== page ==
That story has nothing to do with anything.

Saturday, August 26, 2017

Paint along with Gilead Step 4

Step 4: I tried and failed to photograph myself doing this so I’ll have to try to explain. Lay a board flat preferably on an old table. Dip a crappy old house painting brush into the sloppy paint and get it dripping wet. Then hold it above your board and bang it hard against a stick. It will splatter EVERYWHERE so do this outside and wear old clothes.
This will create random patterns of mess all over the board. Dip the brush in the next cup and do it some more until you like what you have. Don’t clean or dry the brush.

 let the paint dry just a little. You want the tiny splatters to be dry and the large drops to be starting to dry around the edges. Then you wipe the whole thing with a wet rag blending all the different colors of wet paint together into a grimy stain. Be sure to stain the whole surface. If you want to modify it some after it has dried go back with an opposing color and splatter some more. Dark over light, light over dark, blue over orange etc. Don’t clean or dry the rag.

Notice how much the background of this photo (the ground) resembles the foreground?  This is exactly what we're aiming for.

Friday, August 25, 2017

Paint along with Gilead Steps 2 & 3

Step 2: Eat Lots of yogurt so you can use the plastic tubs to mix paint for your projects.
Step 3: Do Lots of painting projects (not pictured) so you have a bunch of random leftover paint. Any color, all colors, the more the scarier. Seen here are varying shades of; black, white, blue, red, green, purple, yellow, orange, brown, you get the idea.
Add a slop of water to each tub so colors have a nice…watery consistency. Sorry for all the technical jargon.

Thursday, August 24, 2017

Paint along with Gilead Step One

Hey Everybody! It’s time for Paint along with Gilead! Yaaaaay!!!! A fun series of posts where Gilead takes you step by step through his patented process of painting …well actually I don’t really know what I’m going to do, but hey, that’s half the fun right.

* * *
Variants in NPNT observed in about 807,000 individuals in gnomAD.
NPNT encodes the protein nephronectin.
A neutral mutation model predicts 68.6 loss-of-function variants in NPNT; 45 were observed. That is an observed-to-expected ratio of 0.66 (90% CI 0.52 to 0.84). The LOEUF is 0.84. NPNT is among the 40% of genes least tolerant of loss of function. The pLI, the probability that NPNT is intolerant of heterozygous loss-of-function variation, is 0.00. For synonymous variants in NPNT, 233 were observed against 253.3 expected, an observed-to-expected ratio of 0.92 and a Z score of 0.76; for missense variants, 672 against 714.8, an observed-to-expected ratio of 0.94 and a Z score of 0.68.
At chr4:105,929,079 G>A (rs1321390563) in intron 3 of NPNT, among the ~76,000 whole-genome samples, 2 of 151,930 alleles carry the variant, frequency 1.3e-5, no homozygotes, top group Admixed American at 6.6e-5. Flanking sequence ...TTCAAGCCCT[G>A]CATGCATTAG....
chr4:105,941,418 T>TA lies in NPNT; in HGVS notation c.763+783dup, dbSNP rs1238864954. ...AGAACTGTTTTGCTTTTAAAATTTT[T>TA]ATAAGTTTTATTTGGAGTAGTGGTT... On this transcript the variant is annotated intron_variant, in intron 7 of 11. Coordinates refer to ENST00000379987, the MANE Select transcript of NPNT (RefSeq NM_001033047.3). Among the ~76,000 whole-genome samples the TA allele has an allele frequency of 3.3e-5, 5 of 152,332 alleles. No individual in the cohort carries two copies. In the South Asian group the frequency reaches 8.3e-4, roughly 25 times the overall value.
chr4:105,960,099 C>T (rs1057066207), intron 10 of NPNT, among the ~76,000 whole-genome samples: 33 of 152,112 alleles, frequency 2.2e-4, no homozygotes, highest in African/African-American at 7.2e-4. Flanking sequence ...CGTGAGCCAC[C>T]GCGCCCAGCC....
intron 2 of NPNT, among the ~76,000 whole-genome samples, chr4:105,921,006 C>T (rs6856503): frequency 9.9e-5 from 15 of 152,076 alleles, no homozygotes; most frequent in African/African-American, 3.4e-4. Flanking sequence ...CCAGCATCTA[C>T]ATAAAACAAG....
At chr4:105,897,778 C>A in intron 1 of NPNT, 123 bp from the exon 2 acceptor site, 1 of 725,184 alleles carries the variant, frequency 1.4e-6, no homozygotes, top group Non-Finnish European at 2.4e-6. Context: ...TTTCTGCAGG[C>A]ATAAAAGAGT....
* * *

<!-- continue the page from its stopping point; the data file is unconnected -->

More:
So are you ready here we go.

Step 1: Collect a bunch of old junk to clutter up your carport with (your wife will appreciate this much more than she pretends to do). In this case we have a bunch of old doors, closet doors, real estate signs and various bits of broken furniture. Patch holes with wood putty, sand and primer and you’re ready to move on to the next step. …just as soon as I figure out what the next step is going to be.

Thursday, August 3, 2017

#1 of 100

The first of my series of 100 paintings in 12 months.
There is a story behind this which I will share a little later.  Suffice to say that I have periods when a certain darkness and sadness takes me over.  It's not clinical depression it's almost more of a mild and only very occasional PTSD where a sound reminds me of another sound and I'm kind of pulled back in to the fear and pain of a past moment.  A moment when my world cracked to pieces and fell apart.  But I don't like paintings of fear and pain and darkness so I've found a way to let it all out by painting birds.  Birds are ephemeral, never really here, they appear and then they're gone before you can really get a look at them.  It turns out that life is much the same.

This is oil paint on a small recycled board.  The birds are life-sized.